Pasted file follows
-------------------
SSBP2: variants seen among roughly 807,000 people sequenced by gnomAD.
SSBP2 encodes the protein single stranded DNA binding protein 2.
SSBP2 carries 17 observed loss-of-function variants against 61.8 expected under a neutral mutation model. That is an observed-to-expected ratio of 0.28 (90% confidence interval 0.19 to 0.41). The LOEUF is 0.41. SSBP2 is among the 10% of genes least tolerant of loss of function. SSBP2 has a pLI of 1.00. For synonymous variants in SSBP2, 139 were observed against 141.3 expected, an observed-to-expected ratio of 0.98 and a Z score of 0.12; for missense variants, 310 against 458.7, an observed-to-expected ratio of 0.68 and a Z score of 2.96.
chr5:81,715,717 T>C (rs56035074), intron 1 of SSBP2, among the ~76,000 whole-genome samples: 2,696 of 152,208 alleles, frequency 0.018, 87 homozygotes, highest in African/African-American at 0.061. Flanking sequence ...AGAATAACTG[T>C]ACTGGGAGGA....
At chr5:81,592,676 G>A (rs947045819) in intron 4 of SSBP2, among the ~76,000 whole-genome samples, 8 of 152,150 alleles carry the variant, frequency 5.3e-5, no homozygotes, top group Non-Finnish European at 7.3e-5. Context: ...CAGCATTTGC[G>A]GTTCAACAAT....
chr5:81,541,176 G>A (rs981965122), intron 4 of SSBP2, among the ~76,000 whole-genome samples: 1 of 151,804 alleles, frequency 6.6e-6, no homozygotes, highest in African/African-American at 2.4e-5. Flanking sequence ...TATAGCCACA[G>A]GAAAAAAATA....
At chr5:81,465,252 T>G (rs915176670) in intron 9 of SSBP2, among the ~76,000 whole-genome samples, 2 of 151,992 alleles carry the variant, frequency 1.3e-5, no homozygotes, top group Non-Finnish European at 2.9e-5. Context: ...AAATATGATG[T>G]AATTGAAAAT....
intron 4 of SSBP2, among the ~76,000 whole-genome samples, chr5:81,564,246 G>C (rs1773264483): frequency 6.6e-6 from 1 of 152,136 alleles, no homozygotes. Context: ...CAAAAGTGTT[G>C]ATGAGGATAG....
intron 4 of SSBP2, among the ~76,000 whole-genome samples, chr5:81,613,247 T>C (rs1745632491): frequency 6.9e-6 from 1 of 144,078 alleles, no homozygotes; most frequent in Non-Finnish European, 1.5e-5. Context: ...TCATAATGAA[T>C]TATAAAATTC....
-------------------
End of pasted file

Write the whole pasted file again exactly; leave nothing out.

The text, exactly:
SSBP2: variants seen among roughly 807,000 people sequenced by gnomAD.
SSBP2 encodes the protein single stranded DNA binding protein 2.
SSBP2 carries 17 observed loss-of-function variants against 61.8 expected under a neutral mutation model. That is an observed-to-expected ratio of 0.28 (90% confidence interval 0.19 to 0.41). The LOEUF is 0.41. SSBP2 is among the 10% of genes least tolerant of loss of function. SSBP2 has a pLI of 1.00. For synonymous variants in SSBP2, 139 were observed against 141.3 expected, an observed-to-expected ratio of 0.98 and a Z score of 0.12; for missense variants, 310 against 458.7, an observed-to-expected ratio of 0.68 and a Z score of 2.96.
chr5:81,715,717 T>C (rs56035074), intron 1 of SSBP2, among the ~76,000 whole-genome samples: 2,696 of 152,208 alleles, frequency 0.018, 87 homozygotes, highest in African/African-American at 0.061. Flanking sequence ...AGAATAACTG[T>C]ACTGGGAGGA....
At chr5:81,592,676 G>A (rs947045819) in intron 4 of SSBP2, among the ~76,000 whole-genome samples, 8 of 152,150 alleles carry the variant, frequency 5.3e-5, no homozygotes, top group Non-Finnish European at 7.3e-5. Context: ...CAGCATTTGC[G>A]GTTCAACAAT....
chr5:81,541,176 G>A (rs981965122), intron 4 of SSBP2, among the ~76,000 whole-genome samples: 1 of 151,804 alleles, frequency 6.6e-6, no homozygotes, highest in African/African-American at 2.4e-5. Flanking sequence ...TATAGCCACA[G>A]GAAAAAAATA....
At chr5:81,465,252 T>G (rs915176670) in intron 9 of SSBP2, among the ~76,000 whole-genome samples, 2 of 151,992 alleles carry the variant, frequency 1.3e-5, no homozygotes, top group Non-Finnish European at 2.9e-5. Context: ...AAATATGATG[T>G]AATTGAAAAT....
intron 4 of SSBP2, among the ~76,000 whole-genome samples, chr5:81,564,246 G>C (rs1773264483): frequency 6.6e-6 from 1 of 152,136 alleles, no homozygotes. Context: ...CAAAAGTGTT[G>C]ATGAGGATAG....
intron 4 of SSBP2, among the ~76,000 whole-genome samples, chr5:81,613,247 T>C (rs1745632491): frequency 6.9e-6 from 1 of 144,078 alleles, no homozygotes; most frequent in Non-Finnish European, 1.5e-5. Context: ...TCATAATGAA[T>C]TATAAAATTC....